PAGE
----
Rudrani Chettri wants to help transgender models gain acceptance in mainstream fashion...will she succeed?
We only talk about male and female when it comes to looks, grooming and beauty.
But what about the third gender?
Bothered by this question for years, Rudrani Chettri, 37, started a crowdfunding page on GoFundMe and BitGiving to launch India's first transgender modelling agency.
Chettri has done several calendar shoots and fashion shows in the past at the Mitr Trust, the first-ever community-based organisation to address issues of transgenders, which she founded.
But all that was within the community.
Now she wants to help transgender models gain acceptance in mainstream fashion.
Chettri's initiative has won some support from within the fashion world.
Stylist Rishi Raj, who has been in the industry for 10 years, has agreed to be on the jury that will select the first set of models for her agency.
"We have a casting call on February 7. We will select five models and after a photoshoot, share their pictures with major fashion houses and magazines," says Chettri.
It is to be seen how the fashion industry reacts to these portfolios, but some designers, like Deepika Govind, say they are "very open to the idea".
"If they are fantastic in their work, then why not?" says Govind. "They could be used in a shoot that requires a strong look. I can actually visualise it. They would be great for a street fashion/couture collection that is slightly radical in nature."
Chettri's idea comes at a time when similar concepts are taking off around the world.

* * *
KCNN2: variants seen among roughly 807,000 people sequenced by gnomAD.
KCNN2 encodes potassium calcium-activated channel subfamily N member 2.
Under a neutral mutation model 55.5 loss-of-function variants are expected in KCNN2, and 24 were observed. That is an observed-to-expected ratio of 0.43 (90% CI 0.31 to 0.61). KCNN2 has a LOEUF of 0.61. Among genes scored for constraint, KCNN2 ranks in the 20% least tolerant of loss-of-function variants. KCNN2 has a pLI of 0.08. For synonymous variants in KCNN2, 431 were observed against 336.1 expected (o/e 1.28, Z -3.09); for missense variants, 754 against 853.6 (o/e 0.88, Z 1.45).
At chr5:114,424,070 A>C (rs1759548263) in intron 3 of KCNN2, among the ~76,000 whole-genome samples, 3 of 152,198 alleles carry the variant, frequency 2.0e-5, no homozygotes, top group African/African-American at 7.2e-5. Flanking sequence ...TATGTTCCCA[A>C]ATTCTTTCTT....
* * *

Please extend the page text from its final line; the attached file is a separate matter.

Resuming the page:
In May last year, transgender model Peche Di started Trans Models, New York's first transgender modelling agency. It started when, despite having worked with leading brands like Barney's, Di met resistance at agencies.
Similarly, at Giles Deacon's show at the London Fashion Week last year, 23-year-old transgender model Andreja Pejic took to the ramp.
"On one level, we play on the idea of the androgynous, but we stick to the concept of dressing up a woman in a tuxedo. Do we ever embrace the core?" asks Raj who got to know Chettri through Ila Mehrotra, a London-based film maker who was making a documentary on her in collaboration with Emmy award-winner Andrew Smith.
For Raj, the desire to support the agency was also personal. "I wanted to give back the support I got from my family and friends when I came out at the age of 14. It is because of that support that I had a great time through school, college and work," he says.
The seeds of the agency also lie in Chettri's own desire to be a model in her youth.
"I love to travel. The one place I love going to over and over again is Rishikesh," says this articulate English (Honours) graduate. On seeing her pictures at these trips, people would remark on how photogenic she was - just like a model. "But I was hesitant to approach the agencies. Now, with transgender activism gaining such force, I thought why not give a platform to the younger lot," she says.
"She hopes to give the younger transgenders a hope for life where they have options other than the usual roles consigned to them: of begging, toli and sex work," says Mehrotra. "I also believe it's an attempt to help them understand that they are beautiful and not hideous as their family and society has told them for so long."